The overall Organizational Objective that sets the bounds for our Marketing Objective is a key element of organizational strategy. One of the first questions to be answered with regard to organizational strategy is "what business are we in?" Theodore Leavitt explains the importance of this concept in the class HBR article Marketing Myopia. In this article, the author highlights the difference between being in the transportation business versus the railroad business, or the information business versus the newspaper business. This comparison illustrates the crucial difference between an organization that defines its business by focusing on customer benefit as opposed to product function. By considering this distinction, the organization does more than simply pay lip-service to the consumer. A clear understanding of the true business of the organization, satisfying a customer need, provides a blueprint for future product development and enables more efficient decision making at all levels of the organization.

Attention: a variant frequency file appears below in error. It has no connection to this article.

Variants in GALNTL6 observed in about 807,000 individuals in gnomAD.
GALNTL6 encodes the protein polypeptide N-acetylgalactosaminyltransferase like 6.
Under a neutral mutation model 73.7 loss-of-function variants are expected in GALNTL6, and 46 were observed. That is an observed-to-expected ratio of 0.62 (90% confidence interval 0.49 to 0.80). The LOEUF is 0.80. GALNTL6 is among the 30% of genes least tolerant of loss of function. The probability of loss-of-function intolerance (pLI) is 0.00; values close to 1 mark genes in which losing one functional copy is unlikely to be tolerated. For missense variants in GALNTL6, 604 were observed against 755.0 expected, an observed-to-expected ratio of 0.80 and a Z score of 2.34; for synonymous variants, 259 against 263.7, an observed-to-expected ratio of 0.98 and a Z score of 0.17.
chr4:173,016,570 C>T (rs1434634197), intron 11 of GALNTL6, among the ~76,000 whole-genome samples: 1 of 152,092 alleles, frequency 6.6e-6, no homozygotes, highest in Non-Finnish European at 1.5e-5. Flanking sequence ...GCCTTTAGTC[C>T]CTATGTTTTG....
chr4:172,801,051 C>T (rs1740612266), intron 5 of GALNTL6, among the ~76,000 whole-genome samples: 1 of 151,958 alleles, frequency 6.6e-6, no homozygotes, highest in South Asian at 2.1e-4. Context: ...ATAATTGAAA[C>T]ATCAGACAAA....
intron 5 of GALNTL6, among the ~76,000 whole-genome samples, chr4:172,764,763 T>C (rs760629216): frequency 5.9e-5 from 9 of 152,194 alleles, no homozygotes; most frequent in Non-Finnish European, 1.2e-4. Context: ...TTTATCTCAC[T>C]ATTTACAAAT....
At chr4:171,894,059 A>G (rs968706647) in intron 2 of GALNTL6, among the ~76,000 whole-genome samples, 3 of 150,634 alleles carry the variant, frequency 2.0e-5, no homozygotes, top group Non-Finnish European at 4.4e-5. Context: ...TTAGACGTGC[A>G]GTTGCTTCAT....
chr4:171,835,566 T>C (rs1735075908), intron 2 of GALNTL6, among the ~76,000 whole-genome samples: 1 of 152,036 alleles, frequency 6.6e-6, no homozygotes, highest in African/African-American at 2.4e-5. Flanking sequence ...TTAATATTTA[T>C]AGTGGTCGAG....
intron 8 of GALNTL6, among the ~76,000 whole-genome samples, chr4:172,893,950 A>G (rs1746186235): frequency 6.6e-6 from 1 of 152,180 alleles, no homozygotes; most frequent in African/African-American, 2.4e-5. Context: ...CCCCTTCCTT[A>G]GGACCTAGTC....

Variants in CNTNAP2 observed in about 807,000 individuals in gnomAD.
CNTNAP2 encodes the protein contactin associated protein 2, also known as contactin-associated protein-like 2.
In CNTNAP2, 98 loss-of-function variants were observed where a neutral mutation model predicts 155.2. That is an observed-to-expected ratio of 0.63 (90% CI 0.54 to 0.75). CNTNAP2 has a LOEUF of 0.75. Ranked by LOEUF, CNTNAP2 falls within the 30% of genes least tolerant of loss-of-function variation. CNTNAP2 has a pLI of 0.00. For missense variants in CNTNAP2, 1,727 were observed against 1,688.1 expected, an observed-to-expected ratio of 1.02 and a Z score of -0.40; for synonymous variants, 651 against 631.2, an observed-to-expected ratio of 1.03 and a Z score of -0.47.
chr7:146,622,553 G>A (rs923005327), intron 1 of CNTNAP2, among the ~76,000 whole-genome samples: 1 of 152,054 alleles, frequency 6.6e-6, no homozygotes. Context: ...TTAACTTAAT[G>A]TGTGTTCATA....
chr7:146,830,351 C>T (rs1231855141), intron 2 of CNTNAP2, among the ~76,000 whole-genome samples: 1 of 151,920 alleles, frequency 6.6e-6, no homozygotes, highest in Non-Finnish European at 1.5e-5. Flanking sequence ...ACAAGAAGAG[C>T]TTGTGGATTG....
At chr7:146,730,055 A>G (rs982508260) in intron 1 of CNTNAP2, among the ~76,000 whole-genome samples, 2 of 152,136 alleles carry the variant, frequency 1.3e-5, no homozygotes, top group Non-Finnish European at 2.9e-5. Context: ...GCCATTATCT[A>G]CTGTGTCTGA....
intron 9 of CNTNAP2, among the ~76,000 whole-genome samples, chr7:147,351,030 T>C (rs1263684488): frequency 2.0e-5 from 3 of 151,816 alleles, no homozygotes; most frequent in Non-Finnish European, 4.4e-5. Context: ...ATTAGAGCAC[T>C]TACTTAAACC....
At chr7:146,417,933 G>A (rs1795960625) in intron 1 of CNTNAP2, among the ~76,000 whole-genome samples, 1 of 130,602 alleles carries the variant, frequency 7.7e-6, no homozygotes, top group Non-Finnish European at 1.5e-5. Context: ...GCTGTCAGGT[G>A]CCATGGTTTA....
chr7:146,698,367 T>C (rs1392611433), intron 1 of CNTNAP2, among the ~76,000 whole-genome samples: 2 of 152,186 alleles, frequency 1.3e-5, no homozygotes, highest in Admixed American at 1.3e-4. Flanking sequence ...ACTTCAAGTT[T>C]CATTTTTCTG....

Consider the case of McDonald's, a market leader in the fast food category. In the late 1970's McDonald's discovered that in 70% of the family away from home dining decisions, children drove the decision result. To a child, the choice is not of "the best fast-food restaurant," but rather, "the most fun place to go for dinner." McDonald's realized they were not in the fast food business, but in the family fun business, and this core business definition drove product development. Happy Meals and McDonald's Playland illustrate the company's clear understanding of this fact.